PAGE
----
17 A. No, they didn't.

18 Q. Did you know what was the reason for your arrest? Were you told

19 that?

20 A. Well, there were stories going around that allegedly we had

21 weapons, but we didn't have any.

22 Q. Were you beaten at the police station, Mr. Pistoljevic?

23 A. I didn't understand your question.

24 Q. Did anyone beat you at the police station after you were arrested?

25 A. Yes.

Page 16355

1 Q. Can you tell us briefly: When did that take place, and who beat

2 you?

3 A. His name was Boban Radulovic.

4 Q. Was he a police officer?

5 A. He was a police officer in Odzak.

6 Q. How did he beat you?

7 A. He had a plastic sabre, and he hit me on the head, on the back,

8 also on the arms, because I tried to protect myself.

9 Q. Were you beaten several times or only once, now that you have

10 described it? Did anyone else beat you?

11 A. No.

12 Q. Did that man beat you several times?

13 A. No, he didn't.

14 Q. Do you remember how long you remained at the police station, and

15 were you transferred someplace else?

16 A. I was at the police station for 21 days, and then we were

17 transferred to the TO, which is just across the street from SUP.

18 Q. Thank you.

19 A. You're welcome.

20 Q. While you were at the TO, were you taken for questioning by

21 inspectors? Can you remember that?

22 A. I've already forgotten, but once he came and asked us why we were

23 imprisoned, and when I read what I stated, I signed that statement.

24 Q. Do you --

25 JUDGE WILLIAMS: Excuse me, Mr. Lukic. For the sake of clarity:

Page 16356

1 On page 6, lines 21 and following, you asked whether the witness was taken

2 for questioning by inspectors and the answer on line 23 was, the witness

3 says: "He came and asked us why we were there," et cetera. I think we

4 should have some clarity who the "he" was.

5 MR. LUKIC: [Interpretation] That was exactly what I intended to

6 ask the witness.

7 Q. Do you remember the name of that man who came and asked you, or

8 questioned you, and then gave you statements to sign?

9 A. I don't remember. People were coming and going in the SUP while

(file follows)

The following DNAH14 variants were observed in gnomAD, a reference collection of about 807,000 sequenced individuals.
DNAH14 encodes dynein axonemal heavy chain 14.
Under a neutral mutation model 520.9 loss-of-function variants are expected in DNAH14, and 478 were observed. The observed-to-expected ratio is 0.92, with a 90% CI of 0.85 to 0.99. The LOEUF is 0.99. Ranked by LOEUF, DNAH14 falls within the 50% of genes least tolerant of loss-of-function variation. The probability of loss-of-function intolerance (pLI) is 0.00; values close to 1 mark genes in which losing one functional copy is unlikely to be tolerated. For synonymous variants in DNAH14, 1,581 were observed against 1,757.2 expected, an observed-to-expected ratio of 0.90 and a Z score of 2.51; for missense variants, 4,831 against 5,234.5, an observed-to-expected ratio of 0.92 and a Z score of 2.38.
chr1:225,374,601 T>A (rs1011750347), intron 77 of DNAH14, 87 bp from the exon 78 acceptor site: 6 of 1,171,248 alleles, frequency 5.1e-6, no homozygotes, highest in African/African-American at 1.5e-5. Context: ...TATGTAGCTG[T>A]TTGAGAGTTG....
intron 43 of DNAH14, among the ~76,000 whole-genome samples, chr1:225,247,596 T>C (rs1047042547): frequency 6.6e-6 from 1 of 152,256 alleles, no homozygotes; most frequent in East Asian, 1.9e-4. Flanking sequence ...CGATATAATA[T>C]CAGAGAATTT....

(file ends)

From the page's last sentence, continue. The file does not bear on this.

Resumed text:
10 we were imprisoned there.

11 Q. I will try to refresh your memory. You just tell me if that man's

12 name was Inspector Simo Bozic, if you can remember.

13 A. Simo Bozic questioned me.

14 Q. Thank you. Do you remember when you were transferred to Batkovic?

15 A. We were transferred to Batkovic, a group of people was transferred

16 by bus to Batkovic. It was on the 28th of November.

17 Q. Of the same year?

18 A. Yes, of that same year.

19 Q. Was your brother transferred with you to Batkovic as well?

20 A. Yes. He spent a short time at the SUP, and we saw each other, and

21 they couldn't put us together there. He wasn't beaten at all.

22 Q. Mr. Pistoljevic, tell us: Did you see Miroslav Tadic in Batkovic?

23 A. I saw him when he came, when we were about to go home. I asked a

24 man there, because I couldn't see very well - I had an eye surgery, and

25 the bulb up there was very small - and he came and called out our names --

Page 16357

1 Q. Can you wait? Wait a second, please. Did he tell you why he was

2 calling up your names? Was it for exchange? Was there any mention of the

3 reason for calling up your names?

4 A. He didn't call up my name, but rather, I asked another detainee:

5 Could you please look -- is there my name on the list? Do you see the

6 name of Mustafa Pistoljevic? Then Tadic turned around, before I finished,

7 and he told me: You are going home. These were his exact words.

8 Q. Since Tadic told you that, did they continue to call up the names?

9 A. Yes, they did. There was a big bus there, because the majority of

10 people were there were Serbs, a few Croats --

11 Q. Can you please wait a second, Mr. Pistoljevic. We are talking

12 about the departure from Batkovic. Later we'll discuss the return.

13 Now, when you boarded the bus in Batkovic, what was the ethnicity

14 of the people who boarded the bus in Batkovic when you set off from

15 Batkovic? What was the ethnicity of those people? Did you know them?

16 A. I didn't know them. There were a few people from Samac, maybe

17 four or five of them.

18 Q. Tell me: While you were on the bus and you set off from Batkovic,

19 did you discuss anything with Tadic? Did you ask him about an exchange?

20 A. I asked him, when we set off -- in fact, he told me, by himself:

21 Mustafa, you are free to go, or even if you want to proceed to Croatia,

22 and also you can return to your home. I said: I'm not going anywhere

23 from my house, because that's the best place for me to live. And when we

24 arrived in Dragalic across the River Sava, Bosanska Gradiska, I was told:

25 Here is an opportunities for you. If you don't feel like going home,

Page 16358

1 there is a man from Croatia. And he asked me: Would I like to stay

2 there? But I said: No. I'm going back home. Because I was told, while

3 on the bus, that it was possible for me to go home, and I wished to do so,

4 because I left my house there and I was thinking why I shouldn't go back

5 there.

6 Q. Tell us: Did anyone tell you that if you didn't want to go to

7 Croatia you had to go back to the prison in Batkovic, or rather, did they

8 tell you that if you didn't want to go to Croatia you were free to go

9 home?

10 A. No, no one said any such thing. I didn't hear anyone say anything

11 like that. People were talking when we were on our way to Vojnic --

12 Q. Hold on a second, please. We'll proceed with that now. When you